Juvenile Sumatran short-tailed python is a poor feeder...


Dear VPI,

Let me preface this by saying that I already talked to the dealer from whom I purchased this snake and received no helpful information or assistance, so I am turning to you for advice.

I purchased a Sumatran blood python approx. 11" in length, and took it home to a cage (Tupperware plastic shoebox) already set up, measuring 9"x14"x4.5" tall. In the cage the substrate is newspaper, there is a hide-box water and moss-box.  Temperature is on a thermostat which I also monitor with a thermometer, and is heated with a ceramic heat lamp above the cage and a heat pad under one side for the warmer area. The temp is 80 on the cool side and 85-86 on the warm side.  I left the snake alone for the first week and then offered it a f/t [frozen/thawed] mouse which it ate. A week later I offered it another f/t mouse which it declined; the following day I offered a live one which it ate. The next week it accepted a f/t mouse and defecated, the following week it would only take a live one.  That was the last time it ate, which was two months ago.

I have offered it food live or dead, sometimes rat pups on a weekly basis since then.  I never hit the snake with the food item or anything like that, on occasion when the rat pup crawled into the opening of the hide-box and touched the snakes nose it acted very scared and shied away.  The snake never leaves its hide-box that I have seen and sometimes I take it out and place it in its water bowl and sometimes it drinks then. I don't think that it is dehydrated.  When I place the food in the cage it flicks its tongue for a minute but that's it. Most of the time it just sits there with its head looking out of the hide box. I tried raising the temp 4 degrees for about 2.5 weeks but that didn't make a difference and I have since lowered it back to the original temps of 80/85.  Its light cycle is the same as it is outside right now, so I was wondering if that could be the problem?  The snake doesn't seem to be losing much weight.  I was also wondering if it would be ok to use only under-cage heating; the cage is not in a rack system or anything like that.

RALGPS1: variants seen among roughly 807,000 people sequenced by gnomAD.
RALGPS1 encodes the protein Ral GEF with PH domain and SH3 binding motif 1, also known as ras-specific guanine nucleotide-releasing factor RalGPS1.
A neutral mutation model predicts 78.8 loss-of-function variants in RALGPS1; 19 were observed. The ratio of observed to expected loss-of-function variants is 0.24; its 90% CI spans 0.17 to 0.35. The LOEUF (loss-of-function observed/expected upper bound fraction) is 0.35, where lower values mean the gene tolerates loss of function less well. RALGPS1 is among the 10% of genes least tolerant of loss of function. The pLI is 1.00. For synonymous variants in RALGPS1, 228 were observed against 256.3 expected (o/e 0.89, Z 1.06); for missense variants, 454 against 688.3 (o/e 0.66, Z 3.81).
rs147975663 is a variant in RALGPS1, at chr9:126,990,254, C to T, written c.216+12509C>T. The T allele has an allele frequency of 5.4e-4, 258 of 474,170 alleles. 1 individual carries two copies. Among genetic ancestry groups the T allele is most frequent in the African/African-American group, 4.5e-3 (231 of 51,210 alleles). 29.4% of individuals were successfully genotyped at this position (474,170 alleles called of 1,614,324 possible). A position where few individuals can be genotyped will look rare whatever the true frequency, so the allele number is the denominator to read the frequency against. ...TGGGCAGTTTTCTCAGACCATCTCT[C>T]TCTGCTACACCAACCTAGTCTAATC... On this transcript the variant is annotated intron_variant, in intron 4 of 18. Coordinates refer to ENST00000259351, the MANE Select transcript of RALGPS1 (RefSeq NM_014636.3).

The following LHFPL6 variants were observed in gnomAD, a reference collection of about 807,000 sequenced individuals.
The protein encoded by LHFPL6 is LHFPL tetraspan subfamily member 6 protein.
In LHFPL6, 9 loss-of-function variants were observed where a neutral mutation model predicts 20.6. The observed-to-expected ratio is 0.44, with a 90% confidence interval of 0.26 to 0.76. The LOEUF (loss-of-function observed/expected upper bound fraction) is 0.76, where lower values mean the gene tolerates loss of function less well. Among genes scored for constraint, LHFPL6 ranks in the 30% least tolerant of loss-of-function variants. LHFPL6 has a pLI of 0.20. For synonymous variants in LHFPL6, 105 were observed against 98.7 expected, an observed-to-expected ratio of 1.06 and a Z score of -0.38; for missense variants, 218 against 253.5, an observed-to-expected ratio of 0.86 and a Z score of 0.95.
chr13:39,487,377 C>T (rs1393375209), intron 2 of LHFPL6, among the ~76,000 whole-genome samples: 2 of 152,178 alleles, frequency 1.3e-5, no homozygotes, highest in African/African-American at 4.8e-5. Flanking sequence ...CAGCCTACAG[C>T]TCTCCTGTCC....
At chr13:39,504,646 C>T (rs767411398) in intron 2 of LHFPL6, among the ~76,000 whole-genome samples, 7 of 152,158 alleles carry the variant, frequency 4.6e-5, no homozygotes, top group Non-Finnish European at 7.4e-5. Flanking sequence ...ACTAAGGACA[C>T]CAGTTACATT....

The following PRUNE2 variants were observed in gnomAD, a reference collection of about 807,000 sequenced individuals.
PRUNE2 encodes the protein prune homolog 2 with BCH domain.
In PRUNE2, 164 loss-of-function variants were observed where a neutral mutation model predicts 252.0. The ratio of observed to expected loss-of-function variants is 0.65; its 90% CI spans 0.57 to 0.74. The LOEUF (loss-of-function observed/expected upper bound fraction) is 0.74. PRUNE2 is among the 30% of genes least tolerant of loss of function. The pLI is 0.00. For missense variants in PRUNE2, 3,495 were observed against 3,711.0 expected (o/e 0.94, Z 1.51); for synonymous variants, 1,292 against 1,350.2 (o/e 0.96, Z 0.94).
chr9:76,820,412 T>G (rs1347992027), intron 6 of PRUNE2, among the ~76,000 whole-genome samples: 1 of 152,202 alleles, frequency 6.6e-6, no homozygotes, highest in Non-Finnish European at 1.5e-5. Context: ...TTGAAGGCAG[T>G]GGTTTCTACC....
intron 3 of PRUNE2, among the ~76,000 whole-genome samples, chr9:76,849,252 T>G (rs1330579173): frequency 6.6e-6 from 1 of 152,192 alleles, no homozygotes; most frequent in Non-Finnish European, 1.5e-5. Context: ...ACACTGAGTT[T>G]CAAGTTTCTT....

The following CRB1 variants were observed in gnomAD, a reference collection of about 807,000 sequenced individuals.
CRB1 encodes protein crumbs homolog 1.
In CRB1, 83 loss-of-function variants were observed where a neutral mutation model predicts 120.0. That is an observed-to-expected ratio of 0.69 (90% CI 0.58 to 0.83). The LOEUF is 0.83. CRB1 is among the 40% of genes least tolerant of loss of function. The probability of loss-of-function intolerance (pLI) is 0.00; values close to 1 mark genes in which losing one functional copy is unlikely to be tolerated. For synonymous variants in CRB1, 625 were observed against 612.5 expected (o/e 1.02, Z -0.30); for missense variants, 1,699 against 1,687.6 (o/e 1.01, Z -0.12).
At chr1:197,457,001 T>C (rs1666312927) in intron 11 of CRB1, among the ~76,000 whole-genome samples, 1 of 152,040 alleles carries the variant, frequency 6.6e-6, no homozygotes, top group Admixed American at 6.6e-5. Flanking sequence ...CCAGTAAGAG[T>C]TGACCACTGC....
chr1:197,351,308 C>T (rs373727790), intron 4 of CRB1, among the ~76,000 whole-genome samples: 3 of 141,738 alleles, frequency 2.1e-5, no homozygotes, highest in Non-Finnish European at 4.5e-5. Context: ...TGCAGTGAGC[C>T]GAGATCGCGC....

thank you very much,


Dear jeff,

Your snake may be too warm, or it may be that it is influenced by the short winter days.

Regarding the warm possibility: we keep all baby bloods and short-tails in cages that are similar to what you describe in a room that is 78-82 degrees (night/day). We give them no supplemental heat and they do not appear to require it.

When we have tried to provide supplemental heat by sitting them on a heat tape or thermofilm (FlexWatt) they quit eating because it's too warm. The problem is that the air is warmed by the heated floor and even though on the other end of the cage the floor temp is cooler, the air throughout the cage is too warm and that warms the snake.

It's a common misconception among keepers with little actual experience with bloods and short-tailed pythons that they require fairly warm conditions to be happy and many keepers keep them too warm. In fact, blood pythons and their relatives are inactive dwellers of the cool forest floor and they prefer to be cooler than many pythons.

Our cages are smaller and we do not provide the amenities that you give your snake. Ours have only newspaper and a water bowl--no more. The cages (4" x 14" x 3") are placed on a shelf rack, so that the back of the cages are in the dark. Placed in larger cages, young bloods and short-tails often won't feed. The fact that you have provided a hide box has probably made the difference for your snake. The issue for baby snakes is "security." If they feel secure in their cage, then they feed--if they are insecure, they do not feed.

Regarding the seasonal causes of fasting: it's common that adults fast in the winter. It's not common that youngsters quit feeding in the winter, but it happens. It's hard to change this around, they are strongly influenced by day length and light from windows sets their internal clocks more than anything you can easily do with artificial lights. The bottom line is that if your snake is winter fasting, it probably will resume eating in late February or thereabouts.

Tracy's and my general policy for a snake that was feeding and quit--if it looks and acts healthy and it has no problems that we're aware of, we leave it alone.

Force-feeding is probably not a good option. Happy and healthy snakes eat, unhappy or unhealthy snakes don't eat-force-feeding doesn't solve those problems. More times than not, force-feeding a snake just adds to the problems.

Good luck with this baby.  DGB